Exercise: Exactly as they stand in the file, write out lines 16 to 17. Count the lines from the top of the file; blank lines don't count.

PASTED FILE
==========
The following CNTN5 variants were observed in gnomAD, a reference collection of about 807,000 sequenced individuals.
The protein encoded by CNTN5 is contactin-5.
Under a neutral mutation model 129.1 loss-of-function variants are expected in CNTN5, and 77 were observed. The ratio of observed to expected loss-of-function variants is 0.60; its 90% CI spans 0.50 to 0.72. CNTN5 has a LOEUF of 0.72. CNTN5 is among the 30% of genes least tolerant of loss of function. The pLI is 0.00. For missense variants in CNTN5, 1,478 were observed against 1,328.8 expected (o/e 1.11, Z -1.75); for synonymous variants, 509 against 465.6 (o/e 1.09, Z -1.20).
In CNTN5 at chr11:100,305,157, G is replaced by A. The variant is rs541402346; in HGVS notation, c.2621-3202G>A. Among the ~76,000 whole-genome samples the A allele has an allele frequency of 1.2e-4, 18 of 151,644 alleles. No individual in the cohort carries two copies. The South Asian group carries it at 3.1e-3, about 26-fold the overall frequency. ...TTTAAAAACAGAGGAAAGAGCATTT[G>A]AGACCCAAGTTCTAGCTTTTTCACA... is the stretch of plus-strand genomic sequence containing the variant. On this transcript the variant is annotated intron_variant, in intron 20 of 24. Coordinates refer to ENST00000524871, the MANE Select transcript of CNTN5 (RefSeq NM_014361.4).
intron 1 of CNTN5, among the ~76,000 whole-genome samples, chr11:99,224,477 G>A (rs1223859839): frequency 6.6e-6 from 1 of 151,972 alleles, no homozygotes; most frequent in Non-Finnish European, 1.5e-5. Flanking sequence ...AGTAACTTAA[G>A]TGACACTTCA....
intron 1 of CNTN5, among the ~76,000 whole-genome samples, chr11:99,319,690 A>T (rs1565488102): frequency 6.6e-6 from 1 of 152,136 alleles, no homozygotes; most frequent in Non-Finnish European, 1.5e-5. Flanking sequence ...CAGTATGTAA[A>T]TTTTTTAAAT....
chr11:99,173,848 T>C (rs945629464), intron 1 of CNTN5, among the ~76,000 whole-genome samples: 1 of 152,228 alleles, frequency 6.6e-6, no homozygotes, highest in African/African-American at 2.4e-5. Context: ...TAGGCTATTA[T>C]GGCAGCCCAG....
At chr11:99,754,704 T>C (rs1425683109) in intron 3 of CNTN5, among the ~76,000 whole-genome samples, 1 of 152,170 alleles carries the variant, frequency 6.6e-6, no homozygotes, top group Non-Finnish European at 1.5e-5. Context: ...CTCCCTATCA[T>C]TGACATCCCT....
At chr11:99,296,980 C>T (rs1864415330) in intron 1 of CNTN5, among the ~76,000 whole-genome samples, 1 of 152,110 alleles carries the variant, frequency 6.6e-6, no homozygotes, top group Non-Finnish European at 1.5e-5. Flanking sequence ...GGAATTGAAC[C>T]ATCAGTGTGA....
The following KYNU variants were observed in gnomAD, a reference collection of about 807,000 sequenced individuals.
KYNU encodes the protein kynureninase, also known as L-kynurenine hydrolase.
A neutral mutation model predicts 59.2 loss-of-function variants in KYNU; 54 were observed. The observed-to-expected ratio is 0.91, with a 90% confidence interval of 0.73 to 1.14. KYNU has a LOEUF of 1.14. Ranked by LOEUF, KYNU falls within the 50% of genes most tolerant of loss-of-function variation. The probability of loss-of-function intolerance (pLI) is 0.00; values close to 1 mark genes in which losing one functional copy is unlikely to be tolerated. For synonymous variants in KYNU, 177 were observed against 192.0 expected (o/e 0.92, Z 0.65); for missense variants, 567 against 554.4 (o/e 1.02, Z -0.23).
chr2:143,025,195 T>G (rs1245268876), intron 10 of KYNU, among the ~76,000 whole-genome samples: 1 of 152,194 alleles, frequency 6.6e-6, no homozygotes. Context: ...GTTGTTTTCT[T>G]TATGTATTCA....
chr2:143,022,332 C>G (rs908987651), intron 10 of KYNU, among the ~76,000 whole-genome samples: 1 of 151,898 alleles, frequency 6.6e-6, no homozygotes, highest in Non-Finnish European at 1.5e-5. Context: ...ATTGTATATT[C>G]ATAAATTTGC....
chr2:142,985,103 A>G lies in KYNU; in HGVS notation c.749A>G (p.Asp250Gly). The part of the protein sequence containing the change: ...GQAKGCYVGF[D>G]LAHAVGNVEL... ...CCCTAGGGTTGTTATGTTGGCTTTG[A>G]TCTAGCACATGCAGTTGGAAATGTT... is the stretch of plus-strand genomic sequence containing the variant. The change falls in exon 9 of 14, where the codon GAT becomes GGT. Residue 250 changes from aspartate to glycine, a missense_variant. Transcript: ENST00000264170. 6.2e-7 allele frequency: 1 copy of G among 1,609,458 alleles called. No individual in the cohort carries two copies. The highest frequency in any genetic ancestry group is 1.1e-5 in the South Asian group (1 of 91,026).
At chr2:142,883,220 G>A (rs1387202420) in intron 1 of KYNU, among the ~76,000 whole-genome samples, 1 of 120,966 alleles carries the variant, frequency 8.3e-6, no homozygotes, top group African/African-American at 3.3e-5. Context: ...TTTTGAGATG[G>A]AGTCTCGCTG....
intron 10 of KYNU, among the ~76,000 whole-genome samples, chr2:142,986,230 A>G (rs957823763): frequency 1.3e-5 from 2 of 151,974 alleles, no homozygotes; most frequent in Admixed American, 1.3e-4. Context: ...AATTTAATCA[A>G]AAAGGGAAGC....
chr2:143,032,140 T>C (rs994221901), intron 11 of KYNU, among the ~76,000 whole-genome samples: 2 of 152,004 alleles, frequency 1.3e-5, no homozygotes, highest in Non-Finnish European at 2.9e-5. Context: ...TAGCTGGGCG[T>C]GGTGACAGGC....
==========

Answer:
At chr2:142,883,220 G>A (rs1387202420) in intron 1 of KYNU, among the ~76,000 whole-genome samples, 1 of 120,966 alleles carries the variant, frequency 8.3e-6, no homozygotes, top group African/African-American at 3.3e-5. Context: ...TTTTGAGATG[G>A]AGTCTCGCTG....
intron 10 of KYNU, among the ~76,000 whole-genome samples, chr2:142,986,230 A>G (rs957823763): frequency 1.3e-5 from 2 of 151,974 alleles, no homozygotes; most frequent in Admixed American, 1.3e-4. Context: ...AATTTAATCA[A>G]AAAGGGAAGC....